Small cruise ships are coming to Southeast Alaska, but not all passengers will get to mingle and shop in towns

Tourists look in the window of Lynch and Kennedy Dry Goods in May 2016. (Photo by Emily Files/KHNS)
Tourists look in the window of Lynch and Kennedy Dry Goods in May 2016. (Photo by Emily Files/KHNS)

Canada’s ban on cruise ships through early 2022 effectively ended most of the cruise season in Alaska. A handful of smaller, boutique cruises plan to sail. But not all of them plan to allow passengers to stop in towns.

UnCruise is a small vessel cruise fleet. Boat capacity is fewer than 250 passengers, so it’s unaffected by Canada’s restrictions and it doesn’t have to comply with the Centers for Disease Control and Prevention’s conditional sailing order. It’s mitigation plans are reviewed by Juneau’s emergency operations center and the state.

“We’re a US flag operator,” said CEO and captain Dan Blanchard. “All U.S. crew, U.S.-built boat, U.S.-certified and regulated, and we pay U.S. taxes.”

UnCruise isn’t the only US flagged cruising company to be unaffected by the Canadian ban: American Cruise Lines and Alaskan Dream Cruise both have Alaska itineraries this year.

Blanchard’s UnCruise even attempted to sail last year, but turned back after a passenger tested positive for COVID-19. Blanchard says part of the problem last year was that testing wasn’t widely available and there were no kits onboard. This year there will be.

But there’s another pandemic mitigation strategy in place, and one that isn’t great news for restaurants, shops, and tour companies: the ships won’t be making traditional port calls. Blanchard says passengers won’t mingle in Southeast Alaska communities.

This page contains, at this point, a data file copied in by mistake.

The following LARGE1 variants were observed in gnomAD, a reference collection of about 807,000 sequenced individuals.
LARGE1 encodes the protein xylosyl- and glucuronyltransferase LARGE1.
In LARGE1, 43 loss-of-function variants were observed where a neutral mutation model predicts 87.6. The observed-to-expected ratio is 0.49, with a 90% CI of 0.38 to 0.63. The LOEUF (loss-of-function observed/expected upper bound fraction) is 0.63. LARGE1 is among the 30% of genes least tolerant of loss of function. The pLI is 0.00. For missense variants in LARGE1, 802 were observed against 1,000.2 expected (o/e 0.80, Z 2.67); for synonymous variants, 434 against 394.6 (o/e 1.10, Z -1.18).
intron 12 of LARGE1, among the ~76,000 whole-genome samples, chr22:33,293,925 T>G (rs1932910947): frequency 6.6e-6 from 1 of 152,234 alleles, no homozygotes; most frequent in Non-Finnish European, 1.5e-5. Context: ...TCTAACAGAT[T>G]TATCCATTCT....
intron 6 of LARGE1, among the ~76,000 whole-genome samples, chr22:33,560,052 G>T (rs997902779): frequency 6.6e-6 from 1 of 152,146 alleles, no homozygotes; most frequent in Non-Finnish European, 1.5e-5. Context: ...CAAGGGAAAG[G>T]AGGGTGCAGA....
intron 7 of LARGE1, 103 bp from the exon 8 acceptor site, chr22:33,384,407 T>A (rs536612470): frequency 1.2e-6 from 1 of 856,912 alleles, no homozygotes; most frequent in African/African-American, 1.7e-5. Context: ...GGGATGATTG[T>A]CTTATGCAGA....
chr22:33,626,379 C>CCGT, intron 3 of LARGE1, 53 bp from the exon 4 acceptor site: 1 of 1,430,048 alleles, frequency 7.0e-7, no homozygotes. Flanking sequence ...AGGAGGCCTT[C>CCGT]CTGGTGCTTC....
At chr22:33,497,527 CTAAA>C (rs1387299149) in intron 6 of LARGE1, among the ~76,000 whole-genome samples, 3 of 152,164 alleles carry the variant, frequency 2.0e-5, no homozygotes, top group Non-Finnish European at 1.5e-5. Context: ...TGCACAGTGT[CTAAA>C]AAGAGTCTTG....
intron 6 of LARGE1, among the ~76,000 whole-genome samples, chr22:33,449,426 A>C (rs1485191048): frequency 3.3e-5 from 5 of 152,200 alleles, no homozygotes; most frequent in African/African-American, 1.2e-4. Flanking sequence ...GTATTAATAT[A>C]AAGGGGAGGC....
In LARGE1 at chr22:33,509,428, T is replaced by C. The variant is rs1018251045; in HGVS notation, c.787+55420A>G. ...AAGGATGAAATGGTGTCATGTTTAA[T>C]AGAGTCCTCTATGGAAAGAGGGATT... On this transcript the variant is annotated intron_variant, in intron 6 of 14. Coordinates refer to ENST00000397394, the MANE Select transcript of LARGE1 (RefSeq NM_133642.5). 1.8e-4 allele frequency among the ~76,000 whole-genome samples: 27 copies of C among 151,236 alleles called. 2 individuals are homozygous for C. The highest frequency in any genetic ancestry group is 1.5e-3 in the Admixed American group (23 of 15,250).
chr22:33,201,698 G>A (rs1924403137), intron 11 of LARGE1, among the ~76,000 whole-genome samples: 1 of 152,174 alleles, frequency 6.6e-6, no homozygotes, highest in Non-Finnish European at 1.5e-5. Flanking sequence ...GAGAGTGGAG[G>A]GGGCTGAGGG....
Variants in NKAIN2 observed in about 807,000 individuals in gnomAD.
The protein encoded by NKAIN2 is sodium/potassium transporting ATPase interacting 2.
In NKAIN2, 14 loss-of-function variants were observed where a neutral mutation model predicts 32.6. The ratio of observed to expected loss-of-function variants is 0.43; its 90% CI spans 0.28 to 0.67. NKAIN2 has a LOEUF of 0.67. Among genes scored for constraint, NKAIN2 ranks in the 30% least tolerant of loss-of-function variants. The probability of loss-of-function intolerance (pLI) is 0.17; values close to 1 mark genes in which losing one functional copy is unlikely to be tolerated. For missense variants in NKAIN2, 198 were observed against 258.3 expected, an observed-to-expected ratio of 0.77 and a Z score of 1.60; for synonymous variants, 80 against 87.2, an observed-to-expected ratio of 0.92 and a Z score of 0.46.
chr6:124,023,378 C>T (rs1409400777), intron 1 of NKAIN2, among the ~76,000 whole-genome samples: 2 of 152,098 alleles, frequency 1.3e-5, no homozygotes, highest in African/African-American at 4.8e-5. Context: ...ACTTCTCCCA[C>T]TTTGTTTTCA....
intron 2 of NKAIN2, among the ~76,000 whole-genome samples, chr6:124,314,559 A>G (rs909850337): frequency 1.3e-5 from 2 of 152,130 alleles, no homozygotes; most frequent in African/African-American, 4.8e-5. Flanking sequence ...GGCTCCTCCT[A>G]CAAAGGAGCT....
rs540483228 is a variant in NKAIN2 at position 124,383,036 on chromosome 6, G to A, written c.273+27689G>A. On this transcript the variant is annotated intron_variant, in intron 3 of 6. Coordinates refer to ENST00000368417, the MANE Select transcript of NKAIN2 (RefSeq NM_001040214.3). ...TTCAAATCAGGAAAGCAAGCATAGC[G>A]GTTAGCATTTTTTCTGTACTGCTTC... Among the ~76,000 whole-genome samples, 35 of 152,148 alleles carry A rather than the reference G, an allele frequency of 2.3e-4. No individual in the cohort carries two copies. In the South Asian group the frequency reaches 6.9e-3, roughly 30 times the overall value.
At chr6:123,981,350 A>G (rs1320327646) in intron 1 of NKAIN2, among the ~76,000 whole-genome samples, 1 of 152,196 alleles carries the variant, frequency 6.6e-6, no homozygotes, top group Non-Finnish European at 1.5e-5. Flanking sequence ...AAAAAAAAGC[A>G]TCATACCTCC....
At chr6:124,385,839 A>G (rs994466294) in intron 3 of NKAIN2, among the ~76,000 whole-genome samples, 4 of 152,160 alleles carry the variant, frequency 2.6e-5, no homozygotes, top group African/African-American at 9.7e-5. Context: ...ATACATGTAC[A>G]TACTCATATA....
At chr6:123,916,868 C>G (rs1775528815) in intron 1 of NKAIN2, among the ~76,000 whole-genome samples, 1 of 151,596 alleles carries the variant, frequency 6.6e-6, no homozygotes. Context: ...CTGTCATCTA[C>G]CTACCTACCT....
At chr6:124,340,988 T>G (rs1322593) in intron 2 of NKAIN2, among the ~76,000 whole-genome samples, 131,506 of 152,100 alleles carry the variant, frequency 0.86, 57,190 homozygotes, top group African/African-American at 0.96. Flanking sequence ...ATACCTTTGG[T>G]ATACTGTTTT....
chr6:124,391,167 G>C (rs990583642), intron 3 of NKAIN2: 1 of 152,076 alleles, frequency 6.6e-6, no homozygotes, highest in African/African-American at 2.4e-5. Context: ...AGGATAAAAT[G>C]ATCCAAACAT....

“It’s off the books. And it’s mainly because we feel like we have to maintain that bubble, that we can’t take any risk. Now, that could change, I will tell you,” he said.

The company had 30 port calls in Haines in 2019. This year he says there won’t be any. Blanchard says things could change if the new Johnson and Johnson vaccine is released soon.

UnCruise is just one of several small boat tourist options that plan to sail in Southeast Alaska. Alaskan Dream Cruises is another. Nothing is set in stone, but marketing director Zakary Kirkpatrick says the company hopes to have traditional port calls.

“Our guests will be masked. There’s many onboard protocols. There’s guest health questionnaires, of course, the interstate travel mandates, but we want to be able to go in and have and you know, be able to positively impact the economies of the places we live like Skagway,” said Kirkpatrick.

The company is making 16 scheduled calls in Skagway this season, with a potential of up to 879 passengers. Kirkpatrick says there are no port calls scheduled in Haines this year.

Haines tourism director Steven Auch says it’s up to the business community to decide if staying open for small ships is worth it.

“If you’re a shop owner, and you know that there are 60 people in town, are you going to bother opening in the hopes that you’ll get a few of those people versus if there was a ship with, you know, 2,000 people in town? Then, you know, the likelihood of somebody coming to your store is much greater,” Auch said.

Auch says the best thing people can do to encourage the return of tourists is to get vaccinated.

Lindblad and American Cruise Lines also have regional sailing scheduled this year. American Cruise Lines plans to allow guests to visit restaurants and stores in port stops. The company will have one 175 passenger ship sailing Alaska. Haines and Skagway are on its itineraries.

It is unknown if Lindblad plans regular port calls. Representatives were unreachable by broadcast time.

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